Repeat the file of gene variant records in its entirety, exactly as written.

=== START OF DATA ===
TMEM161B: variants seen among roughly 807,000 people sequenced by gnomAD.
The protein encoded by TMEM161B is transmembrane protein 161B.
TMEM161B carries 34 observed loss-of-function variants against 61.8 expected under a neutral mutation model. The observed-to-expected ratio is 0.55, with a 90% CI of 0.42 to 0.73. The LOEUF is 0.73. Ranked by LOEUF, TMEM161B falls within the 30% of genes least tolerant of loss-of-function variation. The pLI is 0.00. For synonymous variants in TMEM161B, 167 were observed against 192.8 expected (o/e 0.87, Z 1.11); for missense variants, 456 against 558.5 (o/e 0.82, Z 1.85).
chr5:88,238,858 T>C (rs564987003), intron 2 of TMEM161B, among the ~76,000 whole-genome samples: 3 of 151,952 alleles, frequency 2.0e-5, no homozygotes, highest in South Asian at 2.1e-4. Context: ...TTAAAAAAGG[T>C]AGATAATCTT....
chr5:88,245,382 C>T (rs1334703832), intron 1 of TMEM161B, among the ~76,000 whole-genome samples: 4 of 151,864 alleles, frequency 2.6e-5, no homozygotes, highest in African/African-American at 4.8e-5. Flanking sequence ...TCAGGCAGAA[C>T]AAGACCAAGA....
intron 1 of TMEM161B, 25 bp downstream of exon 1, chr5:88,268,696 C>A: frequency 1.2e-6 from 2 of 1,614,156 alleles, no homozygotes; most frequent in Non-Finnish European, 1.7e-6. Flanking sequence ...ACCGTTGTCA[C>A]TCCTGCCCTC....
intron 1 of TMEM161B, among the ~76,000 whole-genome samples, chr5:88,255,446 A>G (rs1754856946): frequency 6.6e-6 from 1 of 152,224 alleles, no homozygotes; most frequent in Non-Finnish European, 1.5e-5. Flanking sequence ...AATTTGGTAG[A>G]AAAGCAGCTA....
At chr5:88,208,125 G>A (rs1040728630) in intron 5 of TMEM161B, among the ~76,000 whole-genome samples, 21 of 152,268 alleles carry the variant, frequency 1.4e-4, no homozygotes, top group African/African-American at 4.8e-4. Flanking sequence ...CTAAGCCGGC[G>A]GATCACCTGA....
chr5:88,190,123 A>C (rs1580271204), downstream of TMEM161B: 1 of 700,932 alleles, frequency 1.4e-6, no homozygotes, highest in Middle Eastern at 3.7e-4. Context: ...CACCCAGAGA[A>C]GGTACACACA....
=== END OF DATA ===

TMEM161B: variants seen among roughly 807,000 people sequenced by gnomAD.
The protein encoded by TMEM161B is transmembrane protein 161B.
TMEM161B carries 34 observed loss-of-function variants against 61.8 expected under a neutral mutation model. The observed-to-expected ratio is 0.55, with a 90% CI of 0.42 to 0.73. The LOEUF is 0.73. Ranked by LOEUF, TMEM161B falls within the 30% of genes least tolerant of loss-of-function variation. The pLI is 0.00. For synonymous variants in TMEM161B, 167 were observed against 192.8 expected (o/e 0.87, Z 1.11); for missense variants, 456 against 558.5 (o/e 0.82, Z 1.85).
chr5:88,238,858 T>C (rs564987003), intron 2 of TMEM161B, among the ~76,000 whole-genome samples: 3 of 151,952 alleles, frequency 2.0e-5, no homozygotes, highest in South Asian at 2.1e-4. Context: ...TTAAAAAAGG[T>C]AGATAATCTT....
chr5:88,245,382 C>T (rs1334703832), intron 1 of TMEM161B, among the ~76,000 whole-genome samples: 4 of 151,864 alleles, frequency 2.6e-5, no homozygotes, highest in African/African-American at 4.8e-5. Flanking sequence ...TCAGGCAGAA[C>T]AAGACCAAGA....
intron 1 of TMEM161B, 25 bp downstream of exon 1, chr5:88,268,696 C>A: frequency 1.2e-6 from 2 of 1,614,156 alleles, no homozygotes; most frequent in Non-Finnish European, 1.7e-6. Flanking sequence ...ACCGTTGTCA[C>A]TCCTGCCCTC....
intron 1 of TMEM161B, among the ~76,000 whole-genome samples, chr5:88,255,446 A>G (rs1754856946): frequency 6.6e-6 from 1 of 152,224 alleles, no homozygotes; most frequent in Non-Finnish European, 1.5e-5. Flanking sequence ...AATTTGGTAG[A>G]AAAGCAGCTA....
At chr5:88,208,125 G>A (rs1040728630) in intron 5 of TMEM161B, among the ~76,000 whole-genome samples, 21 of 152,268 alleles carry the variant, frequency 1.4e-4, no homozygotes, top group African/African-American at 4.8e-4. Flanking sequence ...CTAAGCCGGC[G>A]GATCACCTGA....
chr5:88,190,123 A>C (rs1580271204), downstream of TMEM161B: 1 of 700,932 alleles, frequency 1.4e-6, no homozygotes, highest in Middle Eastern at 3.7e-4. Context: ...CACCCAGAGA[A>C]GGTACACACA....